The very nature of Tchaikovsky's Eugene Onegin is one that often makes it difficult to cast and present. The opera is all about the arrogance, impetuosity and naivety of youth seen refracted through a lifetime of regret. As such, it has the near impossible task of needing performers capable of expressing both youthful idealism and the regret that comes with experience in the same person and - as if that wasn't difficult enough - express both positions almost simultaneously. Tchaikovsky's remarkable highly romantic musical score is able to do that, but finding singers who have the exact balance of youth and experience needed to express and actually sing the challenging roles is rather more difficult.
If it were a film, it would simply be a matter of just casting younger actors to play the youthful roles and then bring in experienced stars to play their older counterparts. In the opera house it's not possible - or at least not common - to cast in this way, and certainly not for roles like those in Eugene Onegin that have very specific singing and continuity demands. For the Royal Opera House production, Kasper Holten has opted for using doubles for Onegin and Tatyana, employing dancers to play their younger selves, and having them both on the stage together in order to allow those interlocking sentiments of youth and experience to play out simultaneously in reflection. As a response to the themes and the actual music itself it's a valid idea, but it's one that is rather more difficult to pull off theatrically.
It's not as if this kind of cast needs the additional dramatic support. Krassimira Stoyanova in particular is just phenomenal, delivering a sensitive and deeply nuanced performance that works well with the concept. When you see the youthful idealism and romanticism embodied in the expressions and the fluid movements of dancer Vigdis Hentze Olsen during Stoyanova's moving account of the letter scene - the older Tatyana regretful of her younger counterpart's painful naivety - it does actually enhance the scene and reflect those contradictory sentiments. Simon Keenlyside is a marvellous actor as well as a fine singer in this role, but the look of nervous excitement on the young Onegin (Thom Rackett) as he picks up a duelling pistol, oblivious to the reality of what he is about to do, while the older Onegin looks on with painful regret and unable to avert the disaster, is also justified and well handled. The death of Lensky, leaving Pavol Breslik lying there at the front of the stage through the remainder of the opera, doesn't work quite so well. The dead branch that he symbolically drags onto the stage would have been enough on its own.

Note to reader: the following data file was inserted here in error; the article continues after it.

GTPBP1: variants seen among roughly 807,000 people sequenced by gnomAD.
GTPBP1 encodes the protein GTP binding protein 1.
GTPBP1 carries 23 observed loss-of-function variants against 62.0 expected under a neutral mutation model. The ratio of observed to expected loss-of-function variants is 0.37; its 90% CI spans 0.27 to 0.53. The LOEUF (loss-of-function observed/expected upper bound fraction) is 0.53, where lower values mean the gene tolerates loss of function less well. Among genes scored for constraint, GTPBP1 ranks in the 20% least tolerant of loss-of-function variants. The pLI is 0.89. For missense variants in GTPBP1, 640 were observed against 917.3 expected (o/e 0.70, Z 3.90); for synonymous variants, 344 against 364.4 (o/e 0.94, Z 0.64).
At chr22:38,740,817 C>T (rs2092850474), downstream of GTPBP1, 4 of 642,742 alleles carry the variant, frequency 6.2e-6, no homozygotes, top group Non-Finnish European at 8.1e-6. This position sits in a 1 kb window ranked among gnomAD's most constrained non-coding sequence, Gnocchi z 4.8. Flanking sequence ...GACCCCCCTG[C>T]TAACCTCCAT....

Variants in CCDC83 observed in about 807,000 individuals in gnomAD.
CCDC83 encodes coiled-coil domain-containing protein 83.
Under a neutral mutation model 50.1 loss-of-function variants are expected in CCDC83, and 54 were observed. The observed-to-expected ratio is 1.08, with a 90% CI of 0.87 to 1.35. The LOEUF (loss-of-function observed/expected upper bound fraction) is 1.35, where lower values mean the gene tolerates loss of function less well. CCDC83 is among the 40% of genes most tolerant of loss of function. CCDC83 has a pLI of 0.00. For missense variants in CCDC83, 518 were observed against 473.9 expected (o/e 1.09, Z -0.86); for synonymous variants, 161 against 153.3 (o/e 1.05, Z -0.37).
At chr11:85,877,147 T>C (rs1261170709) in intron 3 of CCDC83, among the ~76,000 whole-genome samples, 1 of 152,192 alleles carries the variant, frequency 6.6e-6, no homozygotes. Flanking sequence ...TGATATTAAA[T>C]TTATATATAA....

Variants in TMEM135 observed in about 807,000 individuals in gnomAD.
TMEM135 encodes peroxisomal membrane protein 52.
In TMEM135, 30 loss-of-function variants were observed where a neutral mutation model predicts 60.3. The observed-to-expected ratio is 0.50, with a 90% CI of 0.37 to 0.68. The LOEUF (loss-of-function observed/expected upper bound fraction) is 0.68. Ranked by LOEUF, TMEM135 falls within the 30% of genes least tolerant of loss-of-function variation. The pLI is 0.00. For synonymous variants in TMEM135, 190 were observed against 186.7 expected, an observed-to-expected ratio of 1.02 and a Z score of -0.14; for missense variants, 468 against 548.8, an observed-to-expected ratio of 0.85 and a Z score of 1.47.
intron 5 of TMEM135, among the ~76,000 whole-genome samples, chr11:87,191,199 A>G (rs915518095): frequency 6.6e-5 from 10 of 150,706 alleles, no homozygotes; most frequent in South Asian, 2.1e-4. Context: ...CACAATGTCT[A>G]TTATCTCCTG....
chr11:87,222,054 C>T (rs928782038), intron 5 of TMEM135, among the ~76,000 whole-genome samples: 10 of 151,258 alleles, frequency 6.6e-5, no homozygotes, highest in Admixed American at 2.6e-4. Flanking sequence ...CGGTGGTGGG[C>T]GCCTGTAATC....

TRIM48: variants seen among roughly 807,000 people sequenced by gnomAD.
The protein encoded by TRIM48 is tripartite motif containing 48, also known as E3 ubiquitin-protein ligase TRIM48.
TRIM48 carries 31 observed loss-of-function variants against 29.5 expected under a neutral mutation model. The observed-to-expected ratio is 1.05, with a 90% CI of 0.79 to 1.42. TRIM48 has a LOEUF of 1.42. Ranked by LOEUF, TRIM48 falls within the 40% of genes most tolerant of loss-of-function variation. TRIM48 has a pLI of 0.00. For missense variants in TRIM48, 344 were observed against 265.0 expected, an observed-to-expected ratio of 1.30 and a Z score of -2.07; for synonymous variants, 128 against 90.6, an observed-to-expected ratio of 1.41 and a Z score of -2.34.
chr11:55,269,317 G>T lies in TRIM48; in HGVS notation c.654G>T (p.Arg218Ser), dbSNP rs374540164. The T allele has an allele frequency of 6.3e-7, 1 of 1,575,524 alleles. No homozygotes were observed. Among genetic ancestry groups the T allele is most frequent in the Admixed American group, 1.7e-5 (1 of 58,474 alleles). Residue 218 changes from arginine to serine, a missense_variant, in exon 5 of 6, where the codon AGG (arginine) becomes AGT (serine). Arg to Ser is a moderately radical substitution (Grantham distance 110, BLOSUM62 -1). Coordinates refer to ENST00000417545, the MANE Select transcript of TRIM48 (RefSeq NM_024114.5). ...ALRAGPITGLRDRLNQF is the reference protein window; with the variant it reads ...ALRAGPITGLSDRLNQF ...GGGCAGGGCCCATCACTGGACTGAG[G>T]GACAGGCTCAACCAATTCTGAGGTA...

Any such reservations however are few and minor when taken alongside the evident consideration behind the directorial choices elsewhere in this Eugene Onegin. The Polonaise is more than just a beautiful interlude here, throwing Keenlyside's Onegin with abandon into the midst of swirling ballet dancers that he attempts to grasp but is unable to hold. Tainted by his past and his behaviour, it seems like everything he touches just dies in his hands. Mia Stensgaard's set - a framing set of doors, opened or closed as necessary, with suitable backgrounds, colouration and lighting that enhances the moods - is also highly effective in establishing a consistent look and feel for the work. Tchaikovsky's score is superbly performed by the orchestra of the Royal Opera House under Robin Ticciati, who recognises its majestic romanticism but also its aching intimacy.
The colours and tones of the production design come over well on the Blu-ray, as does the music and singing. In addition to an optional introduction and interval feature, Kasper Holten provides a full length director's commentary, which is uncommon on an opera BD. I don't think the production needs explaining, but considering the unwarranted criticism the production received when shown at Covent Garden, the director clearly feels the need to clarify his intentions. Perhaps this is another case like the ROH Robert le Diable, which may indeed not have worked in the theatre, but its qualities can better be appreciated in close-up on film. The booklet contains a lovely insightful essay on the work itself by Marina Frolova-Walker that considers how Tchaikovsky's music expresses the content. Subtitles on the Blu-ray disc are English, French, German, Italian, Japanese and Korean.